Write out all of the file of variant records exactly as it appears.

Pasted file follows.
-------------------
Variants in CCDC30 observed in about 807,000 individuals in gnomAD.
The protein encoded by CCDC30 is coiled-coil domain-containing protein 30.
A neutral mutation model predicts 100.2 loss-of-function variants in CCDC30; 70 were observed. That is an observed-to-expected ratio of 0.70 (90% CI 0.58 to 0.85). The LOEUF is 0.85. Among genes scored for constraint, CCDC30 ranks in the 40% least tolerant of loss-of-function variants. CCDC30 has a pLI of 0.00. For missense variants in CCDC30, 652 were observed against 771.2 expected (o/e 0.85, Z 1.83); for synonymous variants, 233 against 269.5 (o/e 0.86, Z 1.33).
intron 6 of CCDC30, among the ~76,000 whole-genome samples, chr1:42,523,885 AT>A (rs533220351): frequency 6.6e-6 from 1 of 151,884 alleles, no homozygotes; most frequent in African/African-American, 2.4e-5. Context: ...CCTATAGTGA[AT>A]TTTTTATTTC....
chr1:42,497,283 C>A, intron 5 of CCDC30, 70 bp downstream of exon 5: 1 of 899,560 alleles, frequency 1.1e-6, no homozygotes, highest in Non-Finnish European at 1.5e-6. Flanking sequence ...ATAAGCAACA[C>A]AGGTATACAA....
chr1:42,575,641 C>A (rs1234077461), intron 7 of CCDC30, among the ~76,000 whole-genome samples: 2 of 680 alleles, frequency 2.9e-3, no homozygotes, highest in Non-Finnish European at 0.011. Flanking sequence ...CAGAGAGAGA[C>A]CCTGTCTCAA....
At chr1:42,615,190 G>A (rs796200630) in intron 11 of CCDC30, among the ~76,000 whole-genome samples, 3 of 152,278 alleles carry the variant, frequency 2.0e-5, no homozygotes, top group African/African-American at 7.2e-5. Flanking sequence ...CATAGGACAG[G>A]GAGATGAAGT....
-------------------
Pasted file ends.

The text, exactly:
Variants in CCDC30 observed in about 807,000 individuals in gnomAD.
The protein encoded by CCDC30 is coiled-coil domain-containing protein 30.
A neutral mutation model predicts 100.2 loss-of-function variants in CCDC30; 70 were observed. That is an observed-to-expected ratio of 0.70 (90% CI 0.58 to 0.85). The LOEUF is 0.85. Among genes scored for constraint, CCDC30 ranks in the 40% least tolerant of loss-of-function variants. CCDC30 has a pLI of 0.00. For missense variants in CCDC30, 652 were observed against 771.2 expected (o/e 0.85, Z 1.83); for synonymous variants, 233 against 269.5 (o/e 0.86, Z 1.33).
intron 6 of CCDC30, among the ~76,000 whole-genome samples, chr1:42,523,885 AT>A (rs533220351): frequency 6.6e-6 from 1 of 151,884 alleles, no homozygotes; most frequent in African/African-American, 2.4e-5. Context: ...CCTATAGTGA[AT>A]TTTTTATTTC....
chr1:42,497,283 C>A, intron 5 of CCDC30, 70 bp downstream of exon 5: 1 of 899,560 alleles, frequency 1.1e-6, no homozygotes, highest in Non-Finnish European at 1.5e-6. Flanking sequence ...ATAAGCAACA[C>A]AGGTATACAA....
chr1:42,575,641 C>A (rs1234077461), intron 7 of CCDC30, among the ~76,000 whole-genome samples: 2 of 680 alleles, frequency 2.9e-3, no homozygotes, highest in Non-Finnish European at 0.011. Flanking sequence ...CAGAGAGAGA[C>A]CCTGTCTCAA....
At chr1:42,615,190 G>A (rs796200630) in intron 11 of CCDC30, among the ~76,000 whole-genome samples, 3 of 152,278 alleles carry the variant, frequency 2.0e-5, no homozygotes, top group African/African-American at 7.2e-5. Flanking sequence ...CATAGGACAG[G>A]GAGATGAAGT....